"Back, foul shambling shapes of corruption, I banish thee to the graves whence you came, in the name of (insert your deity's name here)"
Well, of course we'd all like to think we'd be the latter, putting the maximum effort into role-playing the cleric, but after a while, we default to the former and I think that games are possibly the poorer for it.
If you do want to go for the Laurence Olivier approach to playing a cleric, then this is the figure for you. Just look at that dour, humourless and very earnest face, framed by a cowl and - for good measure, in case the deity is off making a cup of tea - a helm. That's the sort of face that would willingly turn heretics into bonfires, put a hand to the Inquisition's rack and, yes, use twenty words to turn undead where only four would do.
The shading on the robes is perhaps a little heavy-handed, but bear in mind that the figure is only 25mm and on the table (rather than exposed to the merciless eye of the digicam and flash) would probably look a lot better. Again, the metal of the breastplate, what can be seen of it, is suitably tarnished, and the tiny pouches at the belt are well done. Note the way in which the belt buckle is picked out in metal, compared to the leather of the belt itself.
The club in the right hand, presumably there in case faith has to be backed up with deeds looks menacingly chunky and those knobbles would make a dent in many an orc's head. In fact, the cross itself is heavy enough to do 1d4 of damage if wielded in anger.
The (lack of) wisdom of wearing a white under-robe into a dungeon is exemplified by the generally grubby finish that Andy has given it. That's definitely a sixty degree wash.
Playing men in skirts is an interesting feature of running magic users and clerics (the enfolding swathes of cloth would surely hinder the expeditious retreat of this holy man). Poking out from under his hem are his sandals, which - while authentic for this monastically-oriented cleric - might be a bit impractical in the dungeon environment. I can just imagine a 1st level cleric, having just begun his career in dungeons complaning that he can't go down that tunnel because he'd get his robes dirty and the underground stream would give him chillblains.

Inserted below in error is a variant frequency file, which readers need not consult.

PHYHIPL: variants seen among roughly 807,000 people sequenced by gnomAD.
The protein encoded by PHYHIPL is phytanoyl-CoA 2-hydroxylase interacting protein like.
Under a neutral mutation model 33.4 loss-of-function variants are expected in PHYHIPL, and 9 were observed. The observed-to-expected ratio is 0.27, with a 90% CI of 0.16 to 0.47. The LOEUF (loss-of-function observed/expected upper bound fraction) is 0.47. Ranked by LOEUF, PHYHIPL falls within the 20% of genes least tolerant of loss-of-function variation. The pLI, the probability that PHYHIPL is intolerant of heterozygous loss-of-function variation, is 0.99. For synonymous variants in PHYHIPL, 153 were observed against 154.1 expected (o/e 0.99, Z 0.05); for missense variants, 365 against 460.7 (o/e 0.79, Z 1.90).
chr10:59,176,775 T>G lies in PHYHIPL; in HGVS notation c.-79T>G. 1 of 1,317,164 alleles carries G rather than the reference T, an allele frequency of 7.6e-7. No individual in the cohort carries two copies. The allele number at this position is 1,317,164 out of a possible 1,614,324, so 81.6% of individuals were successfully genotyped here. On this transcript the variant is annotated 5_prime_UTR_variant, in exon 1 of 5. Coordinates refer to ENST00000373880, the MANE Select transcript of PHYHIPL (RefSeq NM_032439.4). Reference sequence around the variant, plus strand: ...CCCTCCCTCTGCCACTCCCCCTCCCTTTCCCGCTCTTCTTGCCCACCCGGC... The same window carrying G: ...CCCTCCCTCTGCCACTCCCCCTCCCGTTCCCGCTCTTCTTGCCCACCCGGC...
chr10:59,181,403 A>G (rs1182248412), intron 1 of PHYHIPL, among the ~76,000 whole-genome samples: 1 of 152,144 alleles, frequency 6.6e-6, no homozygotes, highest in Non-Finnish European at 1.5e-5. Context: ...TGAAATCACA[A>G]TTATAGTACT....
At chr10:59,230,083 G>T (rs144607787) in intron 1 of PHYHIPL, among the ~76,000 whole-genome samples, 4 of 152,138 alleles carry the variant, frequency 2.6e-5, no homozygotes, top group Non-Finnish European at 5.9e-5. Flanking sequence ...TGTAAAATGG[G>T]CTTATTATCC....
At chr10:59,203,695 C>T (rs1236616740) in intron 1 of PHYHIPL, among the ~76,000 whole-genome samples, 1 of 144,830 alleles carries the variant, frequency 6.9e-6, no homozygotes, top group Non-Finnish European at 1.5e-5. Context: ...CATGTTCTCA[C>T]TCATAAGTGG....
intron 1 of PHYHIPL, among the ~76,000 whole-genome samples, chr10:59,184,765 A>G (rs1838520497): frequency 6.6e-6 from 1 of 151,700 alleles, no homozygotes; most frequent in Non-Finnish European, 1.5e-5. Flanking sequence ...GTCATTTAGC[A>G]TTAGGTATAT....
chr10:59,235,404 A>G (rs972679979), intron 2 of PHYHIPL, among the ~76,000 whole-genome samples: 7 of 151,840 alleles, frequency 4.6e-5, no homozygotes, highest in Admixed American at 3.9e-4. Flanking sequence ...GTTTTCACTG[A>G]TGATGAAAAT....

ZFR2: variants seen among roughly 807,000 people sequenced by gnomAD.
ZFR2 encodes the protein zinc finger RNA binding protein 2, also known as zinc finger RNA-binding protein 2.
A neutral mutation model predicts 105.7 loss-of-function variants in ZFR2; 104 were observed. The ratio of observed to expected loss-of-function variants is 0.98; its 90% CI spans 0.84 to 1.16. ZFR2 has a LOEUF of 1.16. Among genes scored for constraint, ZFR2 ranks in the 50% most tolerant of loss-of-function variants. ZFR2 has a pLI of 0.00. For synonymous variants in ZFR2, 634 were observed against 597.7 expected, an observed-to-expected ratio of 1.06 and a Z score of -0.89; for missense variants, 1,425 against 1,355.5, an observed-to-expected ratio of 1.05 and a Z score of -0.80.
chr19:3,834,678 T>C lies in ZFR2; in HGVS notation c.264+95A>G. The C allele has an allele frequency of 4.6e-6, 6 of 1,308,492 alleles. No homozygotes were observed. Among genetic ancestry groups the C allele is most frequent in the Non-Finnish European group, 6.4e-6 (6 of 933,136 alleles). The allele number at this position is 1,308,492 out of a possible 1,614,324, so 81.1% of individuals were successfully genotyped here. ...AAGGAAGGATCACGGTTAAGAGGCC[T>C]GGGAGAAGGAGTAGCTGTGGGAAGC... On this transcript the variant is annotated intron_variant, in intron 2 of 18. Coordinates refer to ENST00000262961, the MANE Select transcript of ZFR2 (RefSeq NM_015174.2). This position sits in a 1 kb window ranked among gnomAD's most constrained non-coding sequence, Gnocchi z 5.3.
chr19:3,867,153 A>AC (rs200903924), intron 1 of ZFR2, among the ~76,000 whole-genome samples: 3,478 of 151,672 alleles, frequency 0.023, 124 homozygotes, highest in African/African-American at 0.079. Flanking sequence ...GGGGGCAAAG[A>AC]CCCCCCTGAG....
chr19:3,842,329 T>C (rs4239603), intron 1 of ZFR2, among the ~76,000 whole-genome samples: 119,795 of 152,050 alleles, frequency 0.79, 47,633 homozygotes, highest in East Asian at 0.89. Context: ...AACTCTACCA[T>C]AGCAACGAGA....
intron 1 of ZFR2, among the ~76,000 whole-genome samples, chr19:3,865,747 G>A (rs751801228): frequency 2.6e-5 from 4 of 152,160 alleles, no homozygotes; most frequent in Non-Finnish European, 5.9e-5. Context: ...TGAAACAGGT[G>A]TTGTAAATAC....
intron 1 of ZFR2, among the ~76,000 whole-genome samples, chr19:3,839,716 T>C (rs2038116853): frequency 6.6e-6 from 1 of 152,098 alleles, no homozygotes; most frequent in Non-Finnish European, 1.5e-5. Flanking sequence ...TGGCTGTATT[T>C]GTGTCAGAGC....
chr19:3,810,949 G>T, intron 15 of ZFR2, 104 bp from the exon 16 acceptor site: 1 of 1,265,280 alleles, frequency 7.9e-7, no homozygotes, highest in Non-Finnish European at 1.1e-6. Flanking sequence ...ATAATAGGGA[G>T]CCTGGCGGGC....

It's given me an idea that clerics and the religious in general might make a good theme for the Hooks Alphabet. I'll mull it over and see what comes up.
I'm hoping to post something on the Solo Dungeon this week and something a little tasty that might be of use to you all as well. If not, then I'll see you on Friday for some more art.
Benbo, 3rd level Fighter/4th level Thief - he who dares.
Galzor, 4th level cleric - mysteriously disappeared along with the Third and his coffin.
Zanurax, 3rd level thief (recovering from being partly eaten by a lion and has now gone to join Merlin)
Olaf, 4th level dwarven fighter, now returning to his clan halls
Merlin, 3rd level thief (called away on the business of the Thieves' Guild)
Adthar, 4th level fighter - currently both an Ettin and a statue
Elador, nth level magic-user - called away on special assignments but will act as mentor and adviser to the team
Galadeus, 2nd level ranger - drowned and then eaten by a shark.....aaaaaand he's BACK! aaaaaaaaand he's dead again.
What I'm DMing for 6 new junior players
Old School Links to Wisdom
Give your d12...
...some Old School love
Call of Cthulhu - visit our wiki
That's what Old School means to me
"These rules are flexible and open to interpretation - designed not to cover all conceivable situations, but to allow good Referees and Players the freedom to create and play games of their own design."
from the Lulu download page for The White Box S&W from BHP
"This game is unlike chess in that the rules are not cut and dried. In many places, they are guidelines and suggested methods only. This is part of the attraction of Advanced Dungeons and Dragons"
Over halfway to 90, I started playing AD&D when the Police were a cool band and Punk was wild. I am a father to a ten-year-old Junior Grognard and have now managed to establish a five-strong gaming group made up of him and four of his friends, ages ranging from 10 to 11. Solidly Old-School.
High fives and natural 20s to you all!